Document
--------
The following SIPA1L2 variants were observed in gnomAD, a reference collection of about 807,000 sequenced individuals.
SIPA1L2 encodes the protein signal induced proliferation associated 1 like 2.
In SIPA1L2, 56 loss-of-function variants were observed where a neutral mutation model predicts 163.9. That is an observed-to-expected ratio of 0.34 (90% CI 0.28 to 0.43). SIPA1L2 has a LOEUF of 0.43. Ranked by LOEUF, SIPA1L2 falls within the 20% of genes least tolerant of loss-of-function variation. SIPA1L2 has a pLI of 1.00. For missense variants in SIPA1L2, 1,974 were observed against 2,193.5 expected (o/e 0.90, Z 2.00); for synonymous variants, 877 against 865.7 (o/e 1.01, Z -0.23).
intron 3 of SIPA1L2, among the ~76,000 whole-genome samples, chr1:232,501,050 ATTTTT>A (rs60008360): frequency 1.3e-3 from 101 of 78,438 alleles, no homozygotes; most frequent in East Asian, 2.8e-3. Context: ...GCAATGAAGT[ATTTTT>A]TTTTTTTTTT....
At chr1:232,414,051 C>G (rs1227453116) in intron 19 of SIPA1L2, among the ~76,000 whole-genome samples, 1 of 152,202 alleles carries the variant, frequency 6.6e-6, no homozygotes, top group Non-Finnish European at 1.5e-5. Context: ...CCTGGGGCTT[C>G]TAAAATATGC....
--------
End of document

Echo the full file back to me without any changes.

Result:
The following SIPA1L2 variants were observed in gnomAD, a reference collection of about 807,000 sequenced individuals.
SIPA1L2 encodes the protein signal induced proliferation associated 1 like 2.
In SIPA1L2, 56 loss-of-function variants were observed where a neutral mutation model predicts 163.9. That is an observed-to-expected ratio of 0.34 (90% CI 0.28 to 0.43). SIPA1L2 has a LOEUF of 0.43. Ranked by LOEUF, SIPA1L2 falls within the 20% of genes least tolerant of loss-of-function variation. SIPA1L2 has a pLI of 1.00. For missense variants in SIPA1L2, 1,974 were observed against 2,193.5 expected (o/e 0.90, Z 2.00); for synonymous variants, 877 against 865.7 (o/e 1.01, Z -0.23).
intron 3 of SIPA1L2, among the ~76,000 whole-genome samples, chr1:232,501,050 ATTTTT>A (rs60008360): frequency 1.3e-3 from 101 of 78,438 alleles, no homozygotes; most frequent in East Asian, 2.8e-3. Context: ...GCAATGAAGT[ATTTTT>A]TTTTTTTTTT....
At chr1:232,414,051 C>G (rs1227453116) in intron 19 of SIPA1L2, among the ~76,000 whole-genome samples, 1 of 152,202 alleles carries the variant, frequency 6.6e-6, no homozygotes, top group Non-Finnish European at 1.5e-5. Context: ...CCTGGGGCTT[C>G]TAAAATATGC....